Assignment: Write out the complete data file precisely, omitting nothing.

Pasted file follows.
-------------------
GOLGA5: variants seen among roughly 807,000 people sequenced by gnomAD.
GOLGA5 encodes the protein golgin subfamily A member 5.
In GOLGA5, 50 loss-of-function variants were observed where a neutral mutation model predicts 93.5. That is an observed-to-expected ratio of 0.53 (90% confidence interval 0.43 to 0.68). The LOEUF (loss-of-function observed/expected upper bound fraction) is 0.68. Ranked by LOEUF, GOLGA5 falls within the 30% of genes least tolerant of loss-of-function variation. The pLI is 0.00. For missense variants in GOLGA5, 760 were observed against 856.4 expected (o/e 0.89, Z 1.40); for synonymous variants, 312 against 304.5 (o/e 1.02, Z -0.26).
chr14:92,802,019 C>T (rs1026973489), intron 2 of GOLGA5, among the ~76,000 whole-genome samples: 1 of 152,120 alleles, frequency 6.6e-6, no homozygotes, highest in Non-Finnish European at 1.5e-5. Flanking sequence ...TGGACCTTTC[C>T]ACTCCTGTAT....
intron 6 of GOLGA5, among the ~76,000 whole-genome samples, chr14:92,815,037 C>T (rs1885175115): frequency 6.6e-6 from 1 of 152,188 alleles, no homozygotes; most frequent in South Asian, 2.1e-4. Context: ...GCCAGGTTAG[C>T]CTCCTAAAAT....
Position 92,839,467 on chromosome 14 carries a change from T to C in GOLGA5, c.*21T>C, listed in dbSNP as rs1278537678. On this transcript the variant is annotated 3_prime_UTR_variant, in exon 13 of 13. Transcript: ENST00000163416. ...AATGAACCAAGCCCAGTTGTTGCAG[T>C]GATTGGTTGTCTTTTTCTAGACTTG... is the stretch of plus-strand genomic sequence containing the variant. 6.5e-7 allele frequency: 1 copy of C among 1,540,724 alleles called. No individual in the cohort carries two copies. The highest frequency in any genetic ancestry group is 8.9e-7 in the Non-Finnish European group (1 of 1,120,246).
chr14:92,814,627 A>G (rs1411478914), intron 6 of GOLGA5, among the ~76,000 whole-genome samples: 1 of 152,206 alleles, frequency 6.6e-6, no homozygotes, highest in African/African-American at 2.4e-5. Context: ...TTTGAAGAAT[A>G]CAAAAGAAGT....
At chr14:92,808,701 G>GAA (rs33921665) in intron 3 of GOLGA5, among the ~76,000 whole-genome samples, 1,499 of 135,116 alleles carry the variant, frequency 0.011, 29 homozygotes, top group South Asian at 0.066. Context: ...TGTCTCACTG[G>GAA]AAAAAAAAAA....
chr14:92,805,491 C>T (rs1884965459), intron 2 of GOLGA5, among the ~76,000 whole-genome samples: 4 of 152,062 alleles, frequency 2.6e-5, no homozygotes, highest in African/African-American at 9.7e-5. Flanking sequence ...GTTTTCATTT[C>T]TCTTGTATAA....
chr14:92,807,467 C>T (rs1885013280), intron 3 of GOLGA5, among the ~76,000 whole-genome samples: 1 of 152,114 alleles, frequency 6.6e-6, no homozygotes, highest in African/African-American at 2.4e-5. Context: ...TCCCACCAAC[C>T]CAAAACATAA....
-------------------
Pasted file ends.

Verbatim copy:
GOLGA5: variants seen among roughly 807,000 people sequenced by gnomAD.
GOLGA5 encodes the protein golgin subfamily A member 5.
In GOLGA5, 50 loss-of-function variants were observed where a neutral mutation model predicts 93.5. That is an observed-to-expected ratio of 0.53 (90% confidence interval 0.43 to 0.68). The LOEUF (loss-of-function observed/expected upper bound fraction) is 0.68. Ranked by LOEUF, GOLGA5 falls within the 30% of genes least tolerant of loss-of-function variation. The pLI is 0.00. For missense variants in GOLGA5, 760 were observed against 856.4 expected (o/e 0.89, Z 1.40); for synonymous variants, 312 against 304.5 (o/e 1.02, Z -0.26).
chr14:92,802,019 C>T (rs1026973489), intron 2 of GOLGA5, among the ~76,000 whole-genome samples: 1 of 152,120 alleles, frequency 6.6e-6, no homozygotes, highest in Non-Finnish European at 1.5e-5. Flanking sequence ...TGGACCTTTC[C>T]ACTCCTGTAT....
intron 6 of GOLGA5, among the ~76,000 whole-genome samples, chr14:92,815,037 C>T (rs1885175115): frequency 6.6e-6 from 1 of 152,188 alleles, no homozygotes; most frequent in South Asian, 2.1e-4. Context: ...GCCAGGTTAG[C>T]CTCCTAAAAT....
Position 92,839,467 on chromosome 14 carries a change from T to C in GOLGA5, c.*21T>C, listed in dbSNP as rs1278537678. On this transcript the variant is annotated 3_prime_UTR_variant, in exon 13 of 13. Transcript: ENST00000163416. ...AATGAACCAAGCCCAGTTGTTGCAG[T>C]GATTGGTTGTCTTTTTCTAGACTTG... is the stretch of plus-strand genomic sequence containing the variant. 6.5e-7 allele frequency: 1 copy of C among 1,540,724 alleles called. No individual in the cohort carries two copies. The highest frequency in any genetic ancestry group is 8.9e-7 in the Non-Finnish European group (1 of 1,120,246).
chr14:92,814,627 A>G (rs1411478914), intron 6 of GOLGA5, among the ~76,000 whole-genome samples: 1 of 152,206 alleles, frequency 6.6e-6, no homozygotes, highest in African/African-American at 2.4e-5. Context: ...TTTGAAGAAT[A>G]CAAAAGAAGT....
At chr14:92,808,701 G>GAA (rs33921665) in intron 3 of GOLGA5, among the ~76,000 whole-genome samples, 1,499 of 135,116 alleles carry the variant, frequency 0.011, 29 homozygotes, top group South Asian at 0.066. Context: ...TGTCTCACTG[G>GAA]AAAAAAAAAA....
chr14:92,805,491 C>T (rs1884965459), intron 2 of GOLGA5, among the ~76,000 whole-genome samples: 4 of 152,062 alleles, frequency 2.6e-5, no homozygotes, highest in African/African-American at 9.7e-5. Flanking sequence ...GTTTTCATTT[C>T]TCTTGTATAA....
chr14:92,807,467 C>T (rs1885013280), intron 3 of GOLGA5, among the ~76,000 whole-genome samples: 1 of 152,114 alleles, frequency 6.6e-6, no homozygotes, highest in African/African-American at 2.4e-5. Context: ...TCCCACCAAC[C>T]CAAAACATAA....